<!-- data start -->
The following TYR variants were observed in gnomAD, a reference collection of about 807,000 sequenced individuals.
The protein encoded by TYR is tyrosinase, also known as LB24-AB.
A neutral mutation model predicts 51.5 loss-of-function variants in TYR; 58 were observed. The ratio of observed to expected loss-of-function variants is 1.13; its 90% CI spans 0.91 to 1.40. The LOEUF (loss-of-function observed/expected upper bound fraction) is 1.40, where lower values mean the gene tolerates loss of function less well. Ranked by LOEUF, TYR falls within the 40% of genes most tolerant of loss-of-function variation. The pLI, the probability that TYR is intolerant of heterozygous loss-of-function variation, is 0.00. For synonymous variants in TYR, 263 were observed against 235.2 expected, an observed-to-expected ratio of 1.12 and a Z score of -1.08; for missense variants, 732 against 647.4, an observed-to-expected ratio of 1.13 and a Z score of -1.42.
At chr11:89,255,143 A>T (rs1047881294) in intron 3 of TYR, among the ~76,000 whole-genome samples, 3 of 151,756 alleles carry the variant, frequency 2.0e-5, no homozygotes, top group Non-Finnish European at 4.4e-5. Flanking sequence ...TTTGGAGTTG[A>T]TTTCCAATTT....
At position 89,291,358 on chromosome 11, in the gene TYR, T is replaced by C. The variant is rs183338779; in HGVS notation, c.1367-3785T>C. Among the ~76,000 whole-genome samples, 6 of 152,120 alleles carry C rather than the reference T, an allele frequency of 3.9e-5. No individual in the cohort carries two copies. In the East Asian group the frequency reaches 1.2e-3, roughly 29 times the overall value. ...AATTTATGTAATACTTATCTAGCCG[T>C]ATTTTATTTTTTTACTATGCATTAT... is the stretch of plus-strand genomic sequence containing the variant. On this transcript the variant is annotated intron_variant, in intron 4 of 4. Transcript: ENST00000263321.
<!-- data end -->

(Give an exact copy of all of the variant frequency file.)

The following TYR variants were observed in gnomAD, a reference collection of about 807,000 sequenced individuals.
The protein encoded by TYR is tyrosinase, also known as LB24-AB.
A neutral mutation model predicts 51.5 loss-of-function variants in TYR; 58 were observed. The ratio of observed to expected loss-of-function variants is 1.13; its 90% CI spans 0.91 to 1.40. The LOEUF (loss-of-function observed/expected upper bound fraction) is 1.40, where lower values mean the gene tolerates loss of function less well. Ranked by LOEUF, TYR falls within the 40% of genes most tolerant of loss-of-function variation. The pLI, the probability that TYR is intolerant of heterozygous loss-of-function variation, is 0.00. For synonymous variants in TYR, 263 were observed against 235.2 expected, an observed-to-expected ratio of 1.12 and a Z score of -1.08; for missense variants, 732 against 647.4, an observed-to-expected ratio of 1.13 and a Z score of -1.42.
At chr11:89,255,143 A>T (rs1047881294) in intron 3 of TYR, among the ~76,000 whole-genome samples, 3 of 151,756 alleles carry the variant, frequency 2.0e-5, no homozygotes, top group Non-Finnish European at 4.4e-5. Flanking sequence ...TTTGGAGTTG[A>T]TTTCCAATTT....
At position 89,291,358 on chromosome 11, in the gene TYR, T is replaced by C. The variant is rs183338779; in HGVS notation, c.1367-3785T>C. Among the ~76,000 whole-genome samples, 6 of 152,120 alleles carry C rather than the reference T, an allele frequency of 3.9e-5. No individual in the cohort carries two copies. In the East Asian group the frequency reaches 1.2e-3, roughly 29 times the overall value. ...AATTTATGTAATACTTATCTAGCCG[T>C]ATTTTATTTTTTTACTATGCATTAT... is the stretch of plus-strand genomic sequence containing the variant. On this transcript the variant is annotated intron_variant, in intron 4 of 4. Transcript: ENST00000263321.